2. Law Momma
    November 26th, 2013 @ 1:32 pm

    I wanted to just curl up in a ball and cry yesterday when she told me. What do you do? What do you say to that… I just sort of blankly stared and said “I’ll talk to him.”

  3. Maureen
    November 26th, 2013 @ 1:38 pm

    Long time lurker, first time poster. I can so relate! It is so hard to hear that from the teachers. I have left preschool in tears several times this past month as my 3 year old has started to act out, hitting one of the other little boys. I brought him to the pediatrician and a developmental specialist and they both said the same thing – “He’s 3. He’s a boy. This is a phase, give it time.” I am trying not to worry, but I must confess, I am mortified some days walking in there to pick him up wondering what kind of report I am going to get that day! Hang in there, you have company 🙂

  4. Law Momma
    November 26th, 2013 @ 1:42 pm

    I hear that a lot of 3 and 4 year old boys are in the same place and it makes me feel better. Not great… but better. 🙂

  5. Heather Griffitts Clark
    November 26th, 2013 @ 1:50 pm

    So – if nothing major were going on at home, I would have asked her if routines had changed or if she’d noticed anything at school could have prompted it…. Not accusatory, just trying to see the whole picture. Home AND school.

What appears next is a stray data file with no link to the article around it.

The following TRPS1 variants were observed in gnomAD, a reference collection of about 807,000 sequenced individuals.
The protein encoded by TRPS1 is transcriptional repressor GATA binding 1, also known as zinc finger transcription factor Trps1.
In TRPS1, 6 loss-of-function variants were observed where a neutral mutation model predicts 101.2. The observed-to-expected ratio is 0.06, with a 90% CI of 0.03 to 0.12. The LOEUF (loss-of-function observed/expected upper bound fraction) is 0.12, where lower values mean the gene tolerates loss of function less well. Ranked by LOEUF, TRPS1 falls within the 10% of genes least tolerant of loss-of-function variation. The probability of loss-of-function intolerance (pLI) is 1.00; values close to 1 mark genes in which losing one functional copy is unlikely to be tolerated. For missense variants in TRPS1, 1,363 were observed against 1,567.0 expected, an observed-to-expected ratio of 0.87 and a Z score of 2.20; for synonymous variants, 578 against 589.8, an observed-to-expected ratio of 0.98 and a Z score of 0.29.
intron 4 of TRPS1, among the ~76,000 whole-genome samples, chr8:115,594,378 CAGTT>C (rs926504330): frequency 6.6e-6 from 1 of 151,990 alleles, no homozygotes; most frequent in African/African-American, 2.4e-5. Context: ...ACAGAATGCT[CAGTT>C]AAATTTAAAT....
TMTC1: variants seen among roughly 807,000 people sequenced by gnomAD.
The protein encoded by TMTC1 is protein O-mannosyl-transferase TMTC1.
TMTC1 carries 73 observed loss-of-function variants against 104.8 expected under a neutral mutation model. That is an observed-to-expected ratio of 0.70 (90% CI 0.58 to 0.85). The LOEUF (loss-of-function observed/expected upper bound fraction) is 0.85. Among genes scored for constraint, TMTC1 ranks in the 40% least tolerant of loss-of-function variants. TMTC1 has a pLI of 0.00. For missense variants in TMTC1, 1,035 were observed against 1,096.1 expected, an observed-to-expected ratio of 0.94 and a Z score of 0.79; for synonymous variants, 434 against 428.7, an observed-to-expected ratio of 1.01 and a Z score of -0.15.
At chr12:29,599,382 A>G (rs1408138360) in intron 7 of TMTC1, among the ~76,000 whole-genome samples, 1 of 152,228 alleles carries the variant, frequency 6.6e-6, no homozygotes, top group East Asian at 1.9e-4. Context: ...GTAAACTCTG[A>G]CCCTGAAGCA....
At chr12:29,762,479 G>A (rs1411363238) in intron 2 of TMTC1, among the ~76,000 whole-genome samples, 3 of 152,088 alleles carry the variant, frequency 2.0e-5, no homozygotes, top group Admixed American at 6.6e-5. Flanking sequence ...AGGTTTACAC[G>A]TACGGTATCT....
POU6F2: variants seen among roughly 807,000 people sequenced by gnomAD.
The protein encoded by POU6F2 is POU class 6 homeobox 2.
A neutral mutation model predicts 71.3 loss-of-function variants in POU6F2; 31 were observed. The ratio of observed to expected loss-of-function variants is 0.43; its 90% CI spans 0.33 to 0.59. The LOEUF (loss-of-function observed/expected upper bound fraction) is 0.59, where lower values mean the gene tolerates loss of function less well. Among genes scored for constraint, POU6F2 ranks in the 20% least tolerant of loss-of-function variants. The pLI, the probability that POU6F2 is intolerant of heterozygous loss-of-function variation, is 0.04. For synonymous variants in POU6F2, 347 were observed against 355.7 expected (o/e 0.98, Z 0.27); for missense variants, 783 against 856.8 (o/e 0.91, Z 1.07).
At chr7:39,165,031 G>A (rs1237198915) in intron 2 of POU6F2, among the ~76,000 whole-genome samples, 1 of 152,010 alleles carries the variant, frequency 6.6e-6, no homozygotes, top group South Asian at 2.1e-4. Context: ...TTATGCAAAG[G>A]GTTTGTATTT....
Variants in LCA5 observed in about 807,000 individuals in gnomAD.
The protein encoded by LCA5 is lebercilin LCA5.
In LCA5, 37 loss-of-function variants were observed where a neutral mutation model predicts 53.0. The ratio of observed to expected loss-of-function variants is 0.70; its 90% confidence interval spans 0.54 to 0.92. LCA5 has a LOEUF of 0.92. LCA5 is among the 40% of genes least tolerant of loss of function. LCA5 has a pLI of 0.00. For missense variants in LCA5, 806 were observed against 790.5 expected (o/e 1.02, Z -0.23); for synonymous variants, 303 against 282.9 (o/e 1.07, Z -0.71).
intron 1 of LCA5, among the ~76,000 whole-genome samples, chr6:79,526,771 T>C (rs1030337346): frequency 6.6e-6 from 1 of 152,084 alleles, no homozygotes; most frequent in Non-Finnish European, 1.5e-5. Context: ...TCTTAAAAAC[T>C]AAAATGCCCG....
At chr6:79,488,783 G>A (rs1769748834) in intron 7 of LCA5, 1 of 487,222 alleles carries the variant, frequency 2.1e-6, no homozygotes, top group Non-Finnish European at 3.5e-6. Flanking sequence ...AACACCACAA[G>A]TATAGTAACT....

6. Law Momma
    November 26th, 2013 @ 1:53 pm

    Yeah. I guess I should have asked. I was just so shell shocked.

  7. Heather Griffitts Clark
    November 26th, 2013 @ 2:43 pm

    I should have phrased it this way: After I dried my tears, had a glass of wine or three and had an evening to think about it, I would have emailed/called/spoken to the teacher with questions like this: “I’ve thought about it, and nothing major is going on at home, is there anything at school that might be prompting this? Changes in behaviors of his friends? Challenging assignments he’s having a hard time with? New students/friendships?”
    And, FWIW, W has been doing the same sort of things lately, and he just turned 3. M never really did….she only fights back with her brother. He’s always the first to get physical.

  8. Momalegal
    November 26th, 2013 @ 3:17 pm

    Hugs to you, I know exactly how you feel! And yes, I think it’s a phase that 3 and 4 year old boys go through. My son’s just happened to last what seemed like forever! I felt the same way MANY times when I picked him up. Last year I developed a Pavlovian response where I cringed whenever my text notification sounded on my cell phone because it was usually his teacher reporting what he’d done THAT day,

    I’ve also been told that this can happen when they are bored and intellectually ready to move on. I’ve seen a drastic improvement this year because my son is more stimulated. We have problems with him sitting still and not talking, but he’s still a BOY! 🙂

    Don’t worry, this too shall pass and although it always feels like it MUST be something we’ve done, hopefully you’ll be able to look back on it soon and feel it’s just a phase.

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    Spilled Milk (and Other Atrocities) by Law Momma is licensed under a Creative Commons Attribution-NoDerivs 3.0 Unported License.